By: Lise Munsie, PhD
CHDI began this year’s conference with a pre-session where members discussed what was happening at the foundation. The session started with an update from Dr. Tom Vogt, Vice President of Discovery and Systems Biology, about ongoing work on large-scale systems biology in HD. Dr. Vogt mentioned in particular the large study analyzing genetic modifiers of HD, which has opened up a data-mine for drug discovery research (data can be accessed through http://www.HDinHD.org). Following this, Dr. Celia Dominguez, Vice President of Chemistry, gave an update on drug development efforts, while Chief Clinical Officer Dr. Cristina Sampaio, who is involved with Enroll-HD, gave an update on that registry and the potential for clinical trial enrollment.
The first science session of the meeting reviewed how studying the huntingtin protein (HTT) has generated therapeutic leads. Dr. Fred Saudou presented his work looking at the little-studied C-terminus of HTT, and how C-terminal truncations may affect BDNF trafficking through aberrant interactions with dynamin 1. Dr. Ihn Sik Seong updated attendees on the techniques he uses to purify full-length HTT, and the progress his group has made on structural modeling. The next session shifted focus from protein to nucleic acid. Dr. Steve Hovarth opened the session explaining his epigenetic clock, which uses DNA methylation to age tissues. He has found that DNA from HD brains appears older than DNA from control brains of the same chronological age. Dr. Vanessa Wheeler spoke about CAG somatic expansion, while Dr. Laura Ranum described how a phenomenon called “RAN-translation” occurs in protein products of genes with triplet repeats. Her team has identified this phenomenon when a CAG-expanded HTT allele is present. Dr. Ray Truant closed the session, describing unpublished work his group has done on DNA damage repair in HD.
The next session focused completely on targeted therapies for HTT-knockdown, a very popular topic at the conference. Dr. Ignacio Munoz from CHDI spoke specifically about CHDI-sponsored work that recognizes biomarkers that can be used to monitor HTT-knockdown in the brain. Dr. Feng Zhang, one of the individuals originally involved with discovering the CRISPR/Cas9 system, gave a web-conference on CRISPR, which is a potential new method for in vivo gene silencing. Dr. Eric Reits closed the session, describing how the proteasome might be used as an intracellular method for silencing mHTT.
The next session was an exciting clinical trials update that featured talks on four different ongoing trials. Dr. Neal Simon described Azevan’s trial of SRX246, which targets psychological symptoms. Dr. Marielle Delnomdedieu from Pfizer described the company’s ongoing trials of a PDE10A inhibitor (see HD Insights, Vol. 5) in collaboration with the Institut du Cerveau et de la Moelle épinière (ICM) in Paris. Dr. Maurice Zauderer from Vaccinex presented on the SIGNAL trial, which is investigating the use of a monoclonal antibody to block the activity of SEMA4D in HD patients (see HD Insights, Vol. 12). The session ended with an exciting talk by Dr. Sarah Tabrizi of University College London about the Phase I/IIa trial of IONIS-HTTRx, the first trial to evaluate the safety and tolerability of intrathecal antisense oligonucleotides in patients (see HD Insights, Vol. 13).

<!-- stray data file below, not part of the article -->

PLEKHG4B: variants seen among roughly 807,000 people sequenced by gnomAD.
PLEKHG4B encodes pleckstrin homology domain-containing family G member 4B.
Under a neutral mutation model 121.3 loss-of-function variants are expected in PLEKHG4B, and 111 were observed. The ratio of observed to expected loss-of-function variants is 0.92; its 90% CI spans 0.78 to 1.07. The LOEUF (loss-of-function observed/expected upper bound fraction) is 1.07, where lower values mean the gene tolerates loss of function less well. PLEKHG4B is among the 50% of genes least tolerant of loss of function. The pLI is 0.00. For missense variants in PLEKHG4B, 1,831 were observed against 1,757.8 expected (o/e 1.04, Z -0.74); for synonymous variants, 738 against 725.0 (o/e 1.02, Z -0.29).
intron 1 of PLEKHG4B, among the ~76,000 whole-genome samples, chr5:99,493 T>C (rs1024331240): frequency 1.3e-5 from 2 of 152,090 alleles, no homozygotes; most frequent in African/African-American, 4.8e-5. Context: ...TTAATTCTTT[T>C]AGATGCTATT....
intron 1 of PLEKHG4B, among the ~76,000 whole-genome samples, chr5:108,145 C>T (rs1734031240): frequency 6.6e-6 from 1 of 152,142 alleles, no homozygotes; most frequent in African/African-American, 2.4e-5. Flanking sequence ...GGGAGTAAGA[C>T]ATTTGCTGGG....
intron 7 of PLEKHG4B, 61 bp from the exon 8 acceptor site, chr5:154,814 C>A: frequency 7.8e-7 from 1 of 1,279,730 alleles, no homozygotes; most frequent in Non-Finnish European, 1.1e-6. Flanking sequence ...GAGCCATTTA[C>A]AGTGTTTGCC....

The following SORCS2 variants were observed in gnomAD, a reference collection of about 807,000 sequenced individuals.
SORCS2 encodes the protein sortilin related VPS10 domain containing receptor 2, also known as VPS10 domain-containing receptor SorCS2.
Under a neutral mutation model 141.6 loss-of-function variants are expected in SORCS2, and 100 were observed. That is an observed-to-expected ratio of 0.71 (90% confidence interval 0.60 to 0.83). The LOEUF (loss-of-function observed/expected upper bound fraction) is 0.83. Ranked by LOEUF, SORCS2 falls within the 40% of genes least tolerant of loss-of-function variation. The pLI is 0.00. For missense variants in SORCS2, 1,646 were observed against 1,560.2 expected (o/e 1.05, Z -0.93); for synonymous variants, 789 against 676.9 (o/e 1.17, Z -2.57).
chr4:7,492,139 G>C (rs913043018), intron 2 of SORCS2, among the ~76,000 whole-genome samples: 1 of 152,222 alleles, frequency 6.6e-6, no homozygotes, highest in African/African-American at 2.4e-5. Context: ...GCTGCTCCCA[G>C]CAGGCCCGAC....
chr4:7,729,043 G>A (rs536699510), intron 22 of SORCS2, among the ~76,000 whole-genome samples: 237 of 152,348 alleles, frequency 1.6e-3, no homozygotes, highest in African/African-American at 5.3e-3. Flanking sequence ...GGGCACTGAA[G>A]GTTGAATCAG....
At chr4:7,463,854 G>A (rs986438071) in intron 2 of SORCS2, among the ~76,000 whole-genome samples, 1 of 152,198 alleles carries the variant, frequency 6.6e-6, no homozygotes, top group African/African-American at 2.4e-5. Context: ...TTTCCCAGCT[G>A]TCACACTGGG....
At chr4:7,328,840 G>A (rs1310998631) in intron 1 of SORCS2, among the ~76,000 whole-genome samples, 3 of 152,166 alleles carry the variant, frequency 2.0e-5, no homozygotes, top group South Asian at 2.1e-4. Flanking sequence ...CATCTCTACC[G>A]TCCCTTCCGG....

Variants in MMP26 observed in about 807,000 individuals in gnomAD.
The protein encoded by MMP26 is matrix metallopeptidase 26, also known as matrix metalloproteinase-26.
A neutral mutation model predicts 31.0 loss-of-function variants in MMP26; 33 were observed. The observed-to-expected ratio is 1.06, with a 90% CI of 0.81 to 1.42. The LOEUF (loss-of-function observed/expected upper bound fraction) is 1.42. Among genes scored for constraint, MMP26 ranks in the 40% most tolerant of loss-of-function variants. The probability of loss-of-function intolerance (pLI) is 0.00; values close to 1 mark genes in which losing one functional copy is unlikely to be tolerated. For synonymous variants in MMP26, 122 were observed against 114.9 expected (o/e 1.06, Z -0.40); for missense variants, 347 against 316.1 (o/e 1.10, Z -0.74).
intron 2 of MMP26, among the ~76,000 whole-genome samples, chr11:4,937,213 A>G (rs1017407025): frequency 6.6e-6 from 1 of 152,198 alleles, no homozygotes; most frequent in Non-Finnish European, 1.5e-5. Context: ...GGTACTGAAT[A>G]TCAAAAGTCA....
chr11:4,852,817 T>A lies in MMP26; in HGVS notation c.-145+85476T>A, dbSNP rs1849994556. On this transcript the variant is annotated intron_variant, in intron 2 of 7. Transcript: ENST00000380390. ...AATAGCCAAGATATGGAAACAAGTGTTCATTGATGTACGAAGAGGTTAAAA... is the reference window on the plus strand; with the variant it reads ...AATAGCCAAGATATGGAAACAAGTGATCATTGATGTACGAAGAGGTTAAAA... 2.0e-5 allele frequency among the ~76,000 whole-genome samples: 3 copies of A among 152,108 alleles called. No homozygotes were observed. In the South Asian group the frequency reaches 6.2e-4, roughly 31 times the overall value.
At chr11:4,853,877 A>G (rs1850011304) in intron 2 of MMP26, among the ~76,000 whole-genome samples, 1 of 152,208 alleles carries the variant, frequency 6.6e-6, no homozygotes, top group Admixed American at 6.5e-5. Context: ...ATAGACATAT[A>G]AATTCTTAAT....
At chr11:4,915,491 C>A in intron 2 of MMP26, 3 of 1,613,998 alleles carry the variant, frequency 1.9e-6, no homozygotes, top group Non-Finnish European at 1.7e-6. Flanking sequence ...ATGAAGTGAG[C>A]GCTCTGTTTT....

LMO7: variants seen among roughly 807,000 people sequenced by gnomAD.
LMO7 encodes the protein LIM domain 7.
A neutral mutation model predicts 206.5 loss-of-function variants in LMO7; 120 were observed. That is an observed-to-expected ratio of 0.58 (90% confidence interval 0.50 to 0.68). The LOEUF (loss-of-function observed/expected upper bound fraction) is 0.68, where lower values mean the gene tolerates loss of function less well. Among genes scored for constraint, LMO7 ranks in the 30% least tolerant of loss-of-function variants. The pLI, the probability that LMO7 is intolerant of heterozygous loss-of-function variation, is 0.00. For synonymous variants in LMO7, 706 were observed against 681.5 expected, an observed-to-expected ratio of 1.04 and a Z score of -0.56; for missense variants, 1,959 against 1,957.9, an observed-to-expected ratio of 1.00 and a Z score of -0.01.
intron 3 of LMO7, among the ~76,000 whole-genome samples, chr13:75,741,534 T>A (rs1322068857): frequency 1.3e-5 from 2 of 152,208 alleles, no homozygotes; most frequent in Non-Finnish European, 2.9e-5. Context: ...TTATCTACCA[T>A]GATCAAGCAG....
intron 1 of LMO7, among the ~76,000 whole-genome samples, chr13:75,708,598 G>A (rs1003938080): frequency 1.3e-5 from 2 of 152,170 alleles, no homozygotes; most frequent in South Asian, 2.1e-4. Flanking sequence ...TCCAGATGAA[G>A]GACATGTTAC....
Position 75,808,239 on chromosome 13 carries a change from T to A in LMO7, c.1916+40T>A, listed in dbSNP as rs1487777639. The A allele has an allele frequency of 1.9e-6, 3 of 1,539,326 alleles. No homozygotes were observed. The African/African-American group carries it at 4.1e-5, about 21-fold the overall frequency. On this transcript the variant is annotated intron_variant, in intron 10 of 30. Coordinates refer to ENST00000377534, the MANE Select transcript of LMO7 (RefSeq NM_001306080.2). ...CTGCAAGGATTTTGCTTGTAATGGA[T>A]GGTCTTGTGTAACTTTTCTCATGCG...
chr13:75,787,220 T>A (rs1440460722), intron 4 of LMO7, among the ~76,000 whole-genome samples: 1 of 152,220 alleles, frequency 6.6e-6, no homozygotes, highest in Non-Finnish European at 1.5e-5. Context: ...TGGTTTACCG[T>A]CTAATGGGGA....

The final day of the conference featured an introductory session on regenerative medicine in HD. Dr. Ali Brivanlou spoke about his work using embryonic stem cells to study development. By using precise gene editing technology, he induced the HD mutation in his cell line to study the role of mHTT in development. Dr. Paola Arlotta spoke about techniques her group uses to directly re-program neuronal subtypes, and how this may be a potential therapy for HD. Dr. Steve Goldman finished the session with a presentation on glia. His group developed a murine model in which the glial cells express mHTT but the neurons do not, and he finds pathology in the brain in this system.
The final session of the conference focused on modeling using clinical data. Dr. Doug Langbehn, the statistician for the TRACK-HD study, opened the session by describing how to properly set up clinical trials. Dr. Tiago Mestre gave a follow-up talk describing how clinical rating tools can be translated into a scaling system for rating the progression of symptoms in HD. Dr. Jianying Hu gave the final talk of the conference, describing his work that uses machine-based learning to analyze the huge amounts of data involved in accurately diagnosing and assessing prodromal HD, which would be used in moving forward clinical trials and assessing outcomes in pre-symptomatic patients.